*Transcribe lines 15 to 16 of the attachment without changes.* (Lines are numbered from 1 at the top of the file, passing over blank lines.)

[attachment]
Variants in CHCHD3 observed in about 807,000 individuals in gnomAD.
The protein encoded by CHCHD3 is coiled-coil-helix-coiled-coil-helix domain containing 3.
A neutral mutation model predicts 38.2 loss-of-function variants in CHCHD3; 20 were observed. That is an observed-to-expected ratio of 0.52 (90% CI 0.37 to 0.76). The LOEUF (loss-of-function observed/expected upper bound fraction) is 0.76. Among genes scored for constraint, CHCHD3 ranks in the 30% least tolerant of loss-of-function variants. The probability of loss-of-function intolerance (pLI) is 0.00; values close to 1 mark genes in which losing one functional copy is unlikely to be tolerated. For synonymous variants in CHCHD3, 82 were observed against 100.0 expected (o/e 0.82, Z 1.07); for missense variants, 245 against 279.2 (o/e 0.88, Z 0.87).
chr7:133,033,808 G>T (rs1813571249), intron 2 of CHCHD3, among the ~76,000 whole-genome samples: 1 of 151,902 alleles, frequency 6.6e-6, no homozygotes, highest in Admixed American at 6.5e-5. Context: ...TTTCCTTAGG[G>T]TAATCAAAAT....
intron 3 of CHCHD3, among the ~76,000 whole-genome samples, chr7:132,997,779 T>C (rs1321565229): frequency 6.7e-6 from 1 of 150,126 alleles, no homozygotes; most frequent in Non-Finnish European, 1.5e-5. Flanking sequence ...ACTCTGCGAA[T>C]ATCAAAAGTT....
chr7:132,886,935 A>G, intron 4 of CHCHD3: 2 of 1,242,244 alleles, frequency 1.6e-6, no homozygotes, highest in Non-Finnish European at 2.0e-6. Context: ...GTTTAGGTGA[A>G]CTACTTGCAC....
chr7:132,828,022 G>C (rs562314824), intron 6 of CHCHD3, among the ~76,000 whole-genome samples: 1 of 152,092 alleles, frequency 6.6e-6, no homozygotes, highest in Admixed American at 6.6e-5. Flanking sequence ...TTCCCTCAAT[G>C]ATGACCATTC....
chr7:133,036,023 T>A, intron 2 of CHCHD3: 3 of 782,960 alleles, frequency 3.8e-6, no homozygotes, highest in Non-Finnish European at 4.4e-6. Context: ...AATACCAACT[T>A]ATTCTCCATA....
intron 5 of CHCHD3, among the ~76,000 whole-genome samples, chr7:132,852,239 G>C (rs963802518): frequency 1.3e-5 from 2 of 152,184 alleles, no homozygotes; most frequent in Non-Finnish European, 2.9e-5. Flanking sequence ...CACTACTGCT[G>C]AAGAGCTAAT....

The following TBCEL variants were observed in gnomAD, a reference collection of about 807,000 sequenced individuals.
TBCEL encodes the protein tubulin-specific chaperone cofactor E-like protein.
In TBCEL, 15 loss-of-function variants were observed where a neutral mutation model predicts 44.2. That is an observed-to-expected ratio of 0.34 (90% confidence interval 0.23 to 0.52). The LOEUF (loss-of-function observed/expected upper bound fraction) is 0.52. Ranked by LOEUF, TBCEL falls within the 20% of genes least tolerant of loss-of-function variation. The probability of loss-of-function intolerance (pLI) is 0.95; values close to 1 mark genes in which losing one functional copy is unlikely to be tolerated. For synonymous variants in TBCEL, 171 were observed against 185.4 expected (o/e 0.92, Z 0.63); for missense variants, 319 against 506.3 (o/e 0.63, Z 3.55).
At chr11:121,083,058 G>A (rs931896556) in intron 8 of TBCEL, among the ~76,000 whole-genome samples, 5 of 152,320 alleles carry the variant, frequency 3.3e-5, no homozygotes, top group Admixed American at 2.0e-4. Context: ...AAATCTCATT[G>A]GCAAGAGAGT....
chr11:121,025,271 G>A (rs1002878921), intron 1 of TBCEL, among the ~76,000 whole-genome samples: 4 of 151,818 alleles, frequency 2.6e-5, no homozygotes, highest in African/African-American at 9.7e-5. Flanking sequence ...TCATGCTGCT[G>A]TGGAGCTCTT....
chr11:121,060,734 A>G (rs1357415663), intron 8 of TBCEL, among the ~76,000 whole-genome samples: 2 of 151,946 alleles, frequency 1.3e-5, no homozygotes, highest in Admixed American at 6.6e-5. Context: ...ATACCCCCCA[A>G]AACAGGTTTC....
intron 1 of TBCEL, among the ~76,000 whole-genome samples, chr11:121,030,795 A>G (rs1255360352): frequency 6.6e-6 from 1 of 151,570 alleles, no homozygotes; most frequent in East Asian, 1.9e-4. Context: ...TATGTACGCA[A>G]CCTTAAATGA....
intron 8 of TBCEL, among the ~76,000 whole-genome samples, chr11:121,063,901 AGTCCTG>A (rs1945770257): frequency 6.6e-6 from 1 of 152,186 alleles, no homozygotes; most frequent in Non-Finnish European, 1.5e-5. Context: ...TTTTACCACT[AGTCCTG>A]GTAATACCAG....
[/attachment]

chr11:121,060,734 A>G (rs1357415663), intron 8 of TBCEL, among the ~76,000 whole-genome samples: 2 of 151,946 alleles, frequency 1.3e-5, no homozygotes, highest in Admixed American at 6.6e-5. Context: ...ATACCCCCCA[A>G]AACAGGTTTC....
intron 1 of TBCEL, among the ~76,000 whole-genome samples, chr11:121,030,795 A>G (rs1255360352): frequency 6.6e-6 from 1 of 151,570 alleles, no homozygotes; most frequent in East Asian, 1.9e-4. Context: ...TATGTACGCA[A>G]CCTTAAATGA....